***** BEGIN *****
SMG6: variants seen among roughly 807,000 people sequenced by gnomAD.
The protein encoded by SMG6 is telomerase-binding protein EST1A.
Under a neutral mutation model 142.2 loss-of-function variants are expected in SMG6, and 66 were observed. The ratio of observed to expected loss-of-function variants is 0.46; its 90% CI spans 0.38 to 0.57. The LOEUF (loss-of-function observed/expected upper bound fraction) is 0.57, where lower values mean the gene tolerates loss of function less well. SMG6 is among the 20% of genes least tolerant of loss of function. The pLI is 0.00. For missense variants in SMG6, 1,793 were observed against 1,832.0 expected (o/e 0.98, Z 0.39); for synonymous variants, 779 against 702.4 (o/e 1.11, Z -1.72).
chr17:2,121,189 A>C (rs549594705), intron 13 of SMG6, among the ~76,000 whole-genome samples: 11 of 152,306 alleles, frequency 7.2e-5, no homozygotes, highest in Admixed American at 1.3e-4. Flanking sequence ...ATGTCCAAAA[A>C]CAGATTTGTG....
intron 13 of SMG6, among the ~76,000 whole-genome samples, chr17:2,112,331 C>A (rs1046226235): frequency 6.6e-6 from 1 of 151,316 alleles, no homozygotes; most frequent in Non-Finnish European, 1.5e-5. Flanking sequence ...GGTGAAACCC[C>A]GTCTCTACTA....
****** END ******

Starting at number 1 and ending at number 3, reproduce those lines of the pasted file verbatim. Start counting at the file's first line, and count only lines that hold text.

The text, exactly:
SMG6: variants seen among roughly 807,000 people sequenced by gnomAD.
The protein encoded by SMG6 is telomerase-binding protein EST1A.
Under a neutral mutation model 142.2 loss-of-function variants are expected in SMG6, and 66 were observed. The ratio of observed to expected loss-of-function variants is 0.46; its 90% CI spans 0.38 to 0.57. The LOEUF (loss-of-function observed/expected upper bound fraction) is 0.57, where lower values mean the gene tolerates loss of function less well. SMG6 is among the 20% of genes least tolerant of loss of function. The pLI is 0.00. For missense variants in SMG6, 1,793 were observed against 1,832.0 expected (o/e 0.98, Z 0.39); for synonymous variants, 779 against 702.4 (o/e 1.11, Z -1.72).